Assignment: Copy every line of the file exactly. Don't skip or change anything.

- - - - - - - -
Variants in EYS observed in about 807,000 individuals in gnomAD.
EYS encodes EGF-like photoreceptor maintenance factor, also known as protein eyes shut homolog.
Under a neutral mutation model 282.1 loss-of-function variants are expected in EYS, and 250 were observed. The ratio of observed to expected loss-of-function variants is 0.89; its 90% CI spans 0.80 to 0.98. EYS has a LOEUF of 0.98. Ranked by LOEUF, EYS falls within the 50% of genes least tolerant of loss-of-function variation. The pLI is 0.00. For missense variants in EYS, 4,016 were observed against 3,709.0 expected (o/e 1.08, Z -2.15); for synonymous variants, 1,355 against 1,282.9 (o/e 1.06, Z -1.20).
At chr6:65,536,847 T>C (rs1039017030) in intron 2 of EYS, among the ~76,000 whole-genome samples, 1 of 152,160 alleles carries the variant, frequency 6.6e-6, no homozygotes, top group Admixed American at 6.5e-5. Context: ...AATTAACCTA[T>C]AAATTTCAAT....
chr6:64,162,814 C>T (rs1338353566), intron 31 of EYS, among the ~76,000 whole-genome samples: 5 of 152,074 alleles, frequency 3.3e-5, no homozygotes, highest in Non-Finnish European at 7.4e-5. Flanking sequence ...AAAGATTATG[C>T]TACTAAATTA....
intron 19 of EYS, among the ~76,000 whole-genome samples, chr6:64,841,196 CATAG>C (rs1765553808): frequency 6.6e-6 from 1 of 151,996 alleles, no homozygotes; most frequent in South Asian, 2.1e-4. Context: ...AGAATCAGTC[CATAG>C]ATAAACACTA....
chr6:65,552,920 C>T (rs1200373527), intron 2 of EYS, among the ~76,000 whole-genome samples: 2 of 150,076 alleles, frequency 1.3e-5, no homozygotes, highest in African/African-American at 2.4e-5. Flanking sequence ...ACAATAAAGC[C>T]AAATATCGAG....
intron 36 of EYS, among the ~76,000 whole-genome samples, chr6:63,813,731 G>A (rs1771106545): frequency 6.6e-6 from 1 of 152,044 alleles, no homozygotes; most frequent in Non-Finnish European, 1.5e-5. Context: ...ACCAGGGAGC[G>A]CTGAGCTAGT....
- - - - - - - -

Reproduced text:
Variants in EYS observed in about 807,000 individuals in gnomAD.
EYS encodes EGF-like photoreceptor maintenance factor, also known as protein eyes shut homolog.
Under a neutral mutation model 282.1 loss-of-function variants are expected in EYS, and 250 were observed. The ratio of observed to expected loss-of-function variants is 0.89; its 90% CI spans 0.80 to 0.98. EYS has a LOEUF of 0.98. Ranked by LOEUF, EYS falls within the 50% of genes least tolerant of loss-of-function variation. The pLI is 0.00. For missense variants in EYS, 4,016 were observed against 3,709.0 expected (o/e 1.08, Z -2.15); for synonymous variants, 1,355 against 1,282.9 (o/e 1.06, Z -1.20).
At chr6:65,536,847 T>C (rs1039017030) in intron 2 of EYS, among the ~76,000 whole-genome samples, 1 of 152,160 alleles carries the variant, frequency 6.6e-6, no homozygotes, top group Admixed American at 6.5e-5. Context: ...AATTAACCTA[T>C]AAATTTCAAT....
chr6:64,162,814 C>T (rs1338353566), intron 31 of EYS, among the ~76,000 whole-genome samples: 5 of 152,074 alleles, frequency 3.3e-5, no homozygotes, highest in Non-Finnish European at 7.4e-5. Flanking sequence ...AAAGATTATG[C>T]TACTAAATTA....
intron 19 of EYS, among the ~76,000 whole-genome samples, chr6:64,841,196 CATAG>C (rs1765553808): frequency 6.6e-6 from 1 of 151,996 alleles, no homozygotes; most frequent in South Asian, 2.1e-4. Context: ...AGAATCAGTC[CATAG>C]ATAAACACTA....
chr6:65,552,920 C>T (rs1200373527), intron 2 of EYS, among the ~76,000 whole-genome samples: 2 of 150,076 alleles, frequency 1.3e-5, no homozygotes, highest in African/African-American at 2.4e-5. Flanking sequence ...ACAATAAAGC[C>T]AAATATCGAG....
intron 36 of EYS, among the ~76,000 whole-genome samples, chr6:63,813,731 G>A (rs1771106545): frequency 6.6e-6 from 1 of 152,044 alleles, no homozygotes; most frequent in Non-Finnish European, 1.5e-5. Context: ...ACCAGGGAGC[G>A]CTGAGCTAGT....